A bull market of memories

The 150th anniversary of the Toronto Stock Exchange, which is being celebrated today has set off a bull market in such memories among the people who have worked on Bay Street, reports The Globe and Mail Oct. 24. Historian Christopher Armstrong of York University says the seed for the Toronto Stock Exchange was planted in 1852, when someone put an ad in what was then The Globe newspaper, inviting interested parties to a meeting to form “an association of brokers.” Armstrong says progress towards a working exchange was hit-and-miss for about 20 years. In the 1860s, people would get together in the morning, trade a few shares and head back to their offices. After a gold rush in Madoc, Ont., in 1867, there was an attempt to establish a mining exchange, but it fizzled.

Freeing up ethics watchdog ‘the right direction’

The proposal [by the federal government to create an ethics commissioner] was praised by Ian Greene, a conflict-of-interest scholar and York University political science professor, as “a step in the right direction,” which will, if approved, move the ethical standards for all federal parliamentarians closer to the more demanding rules now applicatble to provincial legislators, reported the National Post Oct. 24.

A discourse of denial

The Star’s undertaking of this in-depth piece of research [on race and the police] provides an important civic service to our city in that police mistreatment of blacks may once again return to the public agenda,” write York University’s Frances Henry, professor emeritus, and Carol Tator, anthropology course director, in an opinion piece in the Oct. 24 The Toronto Star. “The study needs to be placed in a larger perspective. We are not so much concerned with the specific findings that clearly speak for themselves but with the immediate and visceral reaction [of denial] of the official agencies responsible for the police.”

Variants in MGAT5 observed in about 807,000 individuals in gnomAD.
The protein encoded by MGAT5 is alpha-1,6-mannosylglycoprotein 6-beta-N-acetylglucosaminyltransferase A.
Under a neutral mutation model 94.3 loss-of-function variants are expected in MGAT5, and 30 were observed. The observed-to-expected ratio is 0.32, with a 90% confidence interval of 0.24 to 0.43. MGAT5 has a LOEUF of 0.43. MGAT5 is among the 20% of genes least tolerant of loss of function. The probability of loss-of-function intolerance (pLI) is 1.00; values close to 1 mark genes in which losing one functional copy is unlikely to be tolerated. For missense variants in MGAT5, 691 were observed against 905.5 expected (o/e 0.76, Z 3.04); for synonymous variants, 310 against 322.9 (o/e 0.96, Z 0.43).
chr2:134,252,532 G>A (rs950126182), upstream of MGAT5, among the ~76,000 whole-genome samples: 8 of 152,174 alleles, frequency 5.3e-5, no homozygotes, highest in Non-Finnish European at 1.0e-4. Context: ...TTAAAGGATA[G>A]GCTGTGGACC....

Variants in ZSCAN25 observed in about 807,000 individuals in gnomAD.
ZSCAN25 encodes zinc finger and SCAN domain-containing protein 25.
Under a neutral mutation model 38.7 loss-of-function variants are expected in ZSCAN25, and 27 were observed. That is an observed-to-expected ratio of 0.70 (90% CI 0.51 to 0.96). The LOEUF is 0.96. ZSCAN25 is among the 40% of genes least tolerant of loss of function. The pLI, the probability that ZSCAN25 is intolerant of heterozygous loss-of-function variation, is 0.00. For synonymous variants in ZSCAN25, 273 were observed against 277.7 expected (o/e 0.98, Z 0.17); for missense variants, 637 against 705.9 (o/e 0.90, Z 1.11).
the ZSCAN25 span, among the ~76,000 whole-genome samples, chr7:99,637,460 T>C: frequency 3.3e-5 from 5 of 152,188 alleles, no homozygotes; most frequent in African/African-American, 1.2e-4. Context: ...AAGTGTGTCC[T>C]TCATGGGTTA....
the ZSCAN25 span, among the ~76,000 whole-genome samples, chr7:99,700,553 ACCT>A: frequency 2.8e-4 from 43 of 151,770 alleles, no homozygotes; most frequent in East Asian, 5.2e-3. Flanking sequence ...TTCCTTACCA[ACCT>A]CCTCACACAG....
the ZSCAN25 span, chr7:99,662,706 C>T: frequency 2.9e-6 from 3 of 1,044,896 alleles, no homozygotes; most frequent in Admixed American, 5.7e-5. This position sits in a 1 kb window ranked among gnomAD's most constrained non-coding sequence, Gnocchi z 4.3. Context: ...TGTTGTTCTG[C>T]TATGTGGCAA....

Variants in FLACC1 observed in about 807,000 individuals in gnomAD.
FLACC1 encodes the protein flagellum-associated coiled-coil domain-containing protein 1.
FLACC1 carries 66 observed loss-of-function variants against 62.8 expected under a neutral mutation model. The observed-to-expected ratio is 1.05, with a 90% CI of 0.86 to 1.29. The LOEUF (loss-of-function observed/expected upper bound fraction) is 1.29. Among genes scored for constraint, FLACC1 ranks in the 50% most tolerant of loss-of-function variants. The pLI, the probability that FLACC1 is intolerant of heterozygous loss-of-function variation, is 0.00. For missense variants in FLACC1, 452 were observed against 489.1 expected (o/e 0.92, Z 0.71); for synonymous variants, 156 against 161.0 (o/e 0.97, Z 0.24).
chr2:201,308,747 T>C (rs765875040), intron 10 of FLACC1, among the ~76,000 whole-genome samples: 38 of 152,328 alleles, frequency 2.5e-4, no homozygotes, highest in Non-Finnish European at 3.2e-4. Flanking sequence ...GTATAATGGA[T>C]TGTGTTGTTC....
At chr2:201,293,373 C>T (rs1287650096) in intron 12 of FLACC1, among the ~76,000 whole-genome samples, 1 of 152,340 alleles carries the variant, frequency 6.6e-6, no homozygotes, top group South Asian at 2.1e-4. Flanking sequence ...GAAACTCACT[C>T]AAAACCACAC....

Study cited in bias against blacks

The Toronto Star’s

findings that for simple drug possession blacks were arrested and held in custody more than whites is only the latest to demonstrate what blacks have long complained about and study after study has confirmed, wrote the newspaper’s Haroon Siddiqui Oct. 24. He cites, among others, two studies done by York University sociologist Gail Kellough and University of Toronto criminologist Scot Worley.

It’s not enough, Mr. Martin

In her commentary in The Globe and Mail Oct. 24 on Paul Martin’s proposals for parliamentary reform, specifically those aimed at empowering the individual member of Parliament through measures that would loosen party discipline, Barbara Cameron, York University political science professor, writes: “This is a laudable objective. However, without more fundamental reforms than those he proposes, the empowerment of individual members of Parliament might increase the influence of well-financed lobby groups and decrease the influence of the average Canadian. We could see the kind of intense lobbying of individual members of Parliament by powerful economic interests that is typical of the American Congress.”

On air

Joel Lexchin, health policy and management professor at York University, discusses how drug companies who offer perks to physicians are affecting the patient. He says often some of these drugs are new products that we know little about, on CBC National’s “Health Matters” Oct. 23. ... Reg Whitaker, research professor emeritus, York University, discusses the role of the Canadian Security and Intelligence Commission on “Goldhawk” on ROG-TV in Toronto Oct. 23. … “News” on CKAT-AM in North Bay Oct. 22 reported that Paul Martin brought his federal/Liberal leadership to Toronto’s York University.